Jesus doesn’t say that all the commandments are great. But he also doesn’t say, “Here’s one and the rest don’t matter.” (“Just don’t covet your neighbor’s ox, people, and it will all work out.”) Instead Jesus says something completely different. Stepping over and beyond human expectation, he reframes and reprioritizes the way we think about our lives.

Jesus wants them to see that indeed they are right about one thing: that following God encompasses all that we do, that matching our lives and our faith is a matter to be taken seriously. But he also wants them to see that in the midst of everything that life demands, finding the way isn’t about easy answers, one-way commandments, a line in a book, or even really something else for us to add to our to-do list. Rather, it is an invitation into a different way of living and being in the world, an invitation to be guided by a discerning ethic of love.

Rooted and reoriented in God’s love, we are given the chance to discern the whole of our lives differently, such that loving God and loving neighbor becomes the true measure for everything else that we do. Loving God and loving neighbor is the outer frame, the hinge on which everything else that we do hangs.

But before Jesus lets the Pharisees completely off the hook, before he lets them think that loving God and loving neighbor is a relatively unspecified overall ideal that might have something to do with Hallmark cards or a cute meme, Jesus says something else: “What do you think of the Messiah? Whose son is he?”

Once again, the Pharisees know the answer to this one. That’s easy: the Messiah is the son of King David.

The Pharisees know this answer because scripture had foretold that would be so. The Messiah who was to come, who would usher in the kingdom of heaven, would be descended from David’s line. As such it was expected that the Messiah would be a conquering hero much like David himself. The Messiah would be crowned king, destroying enemies, and with God’s help would be the once-and-for-all hero of God’s people.

Standing in front of them, Jesus wants them to see that indeed the Messiah will be descended from David’s line but that the Messiah will be a much different kind of king—the kind of king whose reign will include suffering, rejection, and death; whose disciples are called to take up the cross and to follow him; and whose ethic for living and being in the world is much different than they expected.

He wants them to see that loving God and loving neighbor is about the kind of life embodied in him; that when we are tempted to love those that are just like us, Jesus says, “Love your enemies” (Matthew 5:44); when we are tempted to return violence with violence. Jesus says, “Pray for those who persecute you” (Matthew 5:44); when we think that the message of the gospel is for some and not for others, Jesus says to the tax collector, “Come and follow me” (Matthew 9:9).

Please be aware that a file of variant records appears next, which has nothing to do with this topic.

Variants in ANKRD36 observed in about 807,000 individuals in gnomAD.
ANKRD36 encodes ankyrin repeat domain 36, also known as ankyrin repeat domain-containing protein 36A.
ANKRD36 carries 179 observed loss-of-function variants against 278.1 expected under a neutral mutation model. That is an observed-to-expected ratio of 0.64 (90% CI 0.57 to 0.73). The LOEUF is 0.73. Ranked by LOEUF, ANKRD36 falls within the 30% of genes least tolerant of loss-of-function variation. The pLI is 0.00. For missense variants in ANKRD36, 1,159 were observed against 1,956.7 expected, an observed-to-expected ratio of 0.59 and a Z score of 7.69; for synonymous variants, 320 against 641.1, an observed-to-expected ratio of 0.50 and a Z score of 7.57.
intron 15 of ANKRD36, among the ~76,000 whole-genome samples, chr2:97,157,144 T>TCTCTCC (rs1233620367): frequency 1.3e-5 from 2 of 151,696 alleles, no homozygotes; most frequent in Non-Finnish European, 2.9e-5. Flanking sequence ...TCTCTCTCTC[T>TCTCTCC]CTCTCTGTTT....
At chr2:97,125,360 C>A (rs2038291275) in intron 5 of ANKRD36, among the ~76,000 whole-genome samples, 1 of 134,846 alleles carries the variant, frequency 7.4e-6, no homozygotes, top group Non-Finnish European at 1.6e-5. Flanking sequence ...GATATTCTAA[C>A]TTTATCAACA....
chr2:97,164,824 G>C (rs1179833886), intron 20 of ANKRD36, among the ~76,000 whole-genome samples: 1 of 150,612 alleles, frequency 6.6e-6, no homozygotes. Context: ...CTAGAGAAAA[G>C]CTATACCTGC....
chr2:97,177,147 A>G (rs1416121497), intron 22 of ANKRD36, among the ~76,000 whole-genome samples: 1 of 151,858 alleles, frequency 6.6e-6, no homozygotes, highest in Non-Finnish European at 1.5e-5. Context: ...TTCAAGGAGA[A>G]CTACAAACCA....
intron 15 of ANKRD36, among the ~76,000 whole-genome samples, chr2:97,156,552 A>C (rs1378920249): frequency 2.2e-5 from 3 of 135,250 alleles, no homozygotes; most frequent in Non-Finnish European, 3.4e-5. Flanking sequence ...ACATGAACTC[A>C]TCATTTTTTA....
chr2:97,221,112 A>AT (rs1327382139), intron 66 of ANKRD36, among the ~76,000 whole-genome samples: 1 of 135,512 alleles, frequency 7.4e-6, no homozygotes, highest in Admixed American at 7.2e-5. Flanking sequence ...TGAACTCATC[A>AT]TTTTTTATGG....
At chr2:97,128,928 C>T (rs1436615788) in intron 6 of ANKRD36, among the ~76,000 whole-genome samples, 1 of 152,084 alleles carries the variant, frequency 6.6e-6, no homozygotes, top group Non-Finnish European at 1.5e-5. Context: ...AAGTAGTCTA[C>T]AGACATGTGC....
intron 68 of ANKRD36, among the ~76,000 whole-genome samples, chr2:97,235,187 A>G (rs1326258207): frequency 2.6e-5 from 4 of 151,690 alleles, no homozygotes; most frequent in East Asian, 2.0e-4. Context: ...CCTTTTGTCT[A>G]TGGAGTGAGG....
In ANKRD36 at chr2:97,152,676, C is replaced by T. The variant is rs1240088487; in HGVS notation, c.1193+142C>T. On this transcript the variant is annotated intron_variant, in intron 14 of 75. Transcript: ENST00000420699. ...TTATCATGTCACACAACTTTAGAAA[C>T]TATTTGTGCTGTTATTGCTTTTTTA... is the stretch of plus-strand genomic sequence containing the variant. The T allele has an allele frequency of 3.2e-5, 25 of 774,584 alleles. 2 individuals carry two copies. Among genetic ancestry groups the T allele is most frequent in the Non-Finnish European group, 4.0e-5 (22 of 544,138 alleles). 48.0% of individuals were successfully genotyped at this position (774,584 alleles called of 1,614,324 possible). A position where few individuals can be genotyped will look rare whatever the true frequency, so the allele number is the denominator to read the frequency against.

For decades now the conflict in the Middle East has made headlines on both the national and world scene. It is a conflict of deep wounds and longstanding ideologies in which people on both sides have experienced hurt and injustice. People in the same families have not spoken to each other for years because of divisive feuds. There are Arabs and Israelis, Christians and Muslims, Orthodox and Melkites who hate each other. People with different political ideas are bitterly fighting.

One person whose story I have found to be illuminating in the midst of all this is that of a man named Elias Chacour. Chacour is a priest in the Melkite Greek Catholic Church. He is also a Palestinian Arab Christian who is a citizen of the state of Israel. As a Palestinian priest in the Holy Land, his personal identity is full of contradictions.

As a child, Chacour watched helplessly as his family, along with all those in his village, was removed from their land by Israeli authorities, making them refugees and outcasts in their own home. Chacour lived the shame of seeing all that his father worked for disappear in an instant and experienced the pain of being called a trespasser in the land of his ancestors. And yet despite his personal history and thus ties to the cause of the Palestinian people, Chacour’s vision is for something larger. From the moment he became a priest in the village of Ibillin in Galilee in 1965, Chacour has worked tirelessly for peace and reconciliation among all people of the region.

In his book We Belong to the Land, Chacour recounts a visit with a large Jewish congregation in Atlanta, Georgia. Speaking to a crowd of about 800 Jewish people, Chacour said, “In the eyes of Palestinians in the refugee camps and the villages of the Occupied Territories, Jews are not decent, civilized, or educated people. They are soldiers or occupiers or terrorists. That is the image our children have of you. Our task is to rehumanize ourselves in each other’s eyes.”

He went on to say, “I do not have a ‘nice dream’ to solve all this. Rather, we people from Galilee have visions, and we believe our visions become a reality. I have a vision of two children, a Jew and a Palestinian, who are friends. One day these children celebrate their friendship. The Palestinian child brings an Israeli flag for his brother, and the Jewish child brings his Palestinian brother a handmade Palestinian flag. They hug each other and say, ‘We were so ignorant, so blind, to believe that those who gave us money and weapons could show us the way” (We Belong to the Land, pp. 187–188).